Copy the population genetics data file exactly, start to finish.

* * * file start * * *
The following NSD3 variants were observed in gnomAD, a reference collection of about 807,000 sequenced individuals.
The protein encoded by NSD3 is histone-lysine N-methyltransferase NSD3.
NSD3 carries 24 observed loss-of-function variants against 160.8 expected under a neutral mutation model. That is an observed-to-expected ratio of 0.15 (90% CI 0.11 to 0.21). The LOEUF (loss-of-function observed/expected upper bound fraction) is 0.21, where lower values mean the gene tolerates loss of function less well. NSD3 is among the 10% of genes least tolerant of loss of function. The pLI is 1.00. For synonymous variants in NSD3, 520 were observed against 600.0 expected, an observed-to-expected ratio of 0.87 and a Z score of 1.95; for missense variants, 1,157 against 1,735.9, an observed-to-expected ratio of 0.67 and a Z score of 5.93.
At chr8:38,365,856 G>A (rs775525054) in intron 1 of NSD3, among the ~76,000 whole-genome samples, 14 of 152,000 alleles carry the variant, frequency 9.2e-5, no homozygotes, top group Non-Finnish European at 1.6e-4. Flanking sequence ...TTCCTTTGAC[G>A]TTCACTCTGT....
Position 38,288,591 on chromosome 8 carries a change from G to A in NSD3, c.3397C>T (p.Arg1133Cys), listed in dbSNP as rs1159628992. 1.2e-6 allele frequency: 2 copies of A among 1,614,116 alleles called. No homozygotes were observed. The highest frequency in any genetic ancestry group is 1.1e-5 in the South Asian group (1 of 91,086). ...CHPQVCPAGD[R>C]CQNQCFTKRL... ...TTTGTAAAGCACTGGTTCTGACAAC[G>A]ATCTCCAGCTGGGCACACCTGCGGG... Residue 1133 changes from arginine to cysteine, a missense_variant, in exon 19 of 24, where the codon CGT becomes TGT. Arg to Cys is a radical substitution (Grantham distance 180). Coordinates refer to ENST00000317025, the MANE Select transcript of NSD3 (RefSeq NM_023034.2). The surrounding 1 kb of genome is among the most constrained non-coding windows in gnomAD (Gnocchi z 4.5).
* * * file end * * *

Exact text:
The following NSD3 variants were observed in gnomAD, a reference collection of about 807,000 sequenced individuals.
The protein encoded by NSD3 is histone-lysine N-methyltransferase NSD3.
NSD3 carries 24 observed loss-of-function variants against 160.8 expected under a neutral mutation model. That is an observed-to-expected ratio of 0.15 (90% CI 0.11 to 0.21). The LOEUF (loss-of-function observed/expected upper bound fraction) is 0.21, where lower values mean the gene tolerates loss of function less well. NSD3 is among the 10% of genes least tolerant of loss of function. The pLI is 1.00. For synonymous variants in NSD3, 520 were observed against 600.0 expected, an observed-to-expected ratio of 0.87 and a Z score of 1.95; for missense variants, 1,157 against 1,735.9, an observed-to-expected ratio of 0.67 and a Z score of 5.93.
At chr8:38,365,856 G>A (rs775525054) in intron 1 of NSD3, among the ~76,000 whole-genome samples, 14 of 152,000 alleles carry the variant, frequency 9.2e-5, no homozygotes, top group Non-Finnish European at 1.6e-4. Flanking sequence ...TTCCTTTGAC[G>A]TTCACTCTGT....
Position 38,288,591 on chromosome 8 carries a change from G to A in NSD3, c.3397C>T (p.Arg1133Cys), listed in dbSNP as rs1159628992. 1.2e-6 allele frequency: 2 copies of A among 1,614,116 alleles called. No homozygotes were observed. The highest frequency in any genetic ancestry group is 1.1e-5 in the South Asian group (1 of 91,086). ...CHPQVCPAGD[R>C]CQNQCFTKRL... ...TTTGTAAAGCACTGGTTCTGACAAC[G>A]ATCTCCAGCTGGGCACACCTGCGGG... Residue 1133 changes from arginine to cysteine, a missense_variant, in exon 19 of 24, where the codon CGT becomes TGT. Arg to Cys is a radical substitution (Grantham distance 180). Coordinates refer to ENST00000317025, the MANE Select transcript of NSD3 (RefSeq NM_023034.2). The surrounding 1 kb of genome is among the most constrained non-coding windows in gnomAD (Gnocchi z 4.5).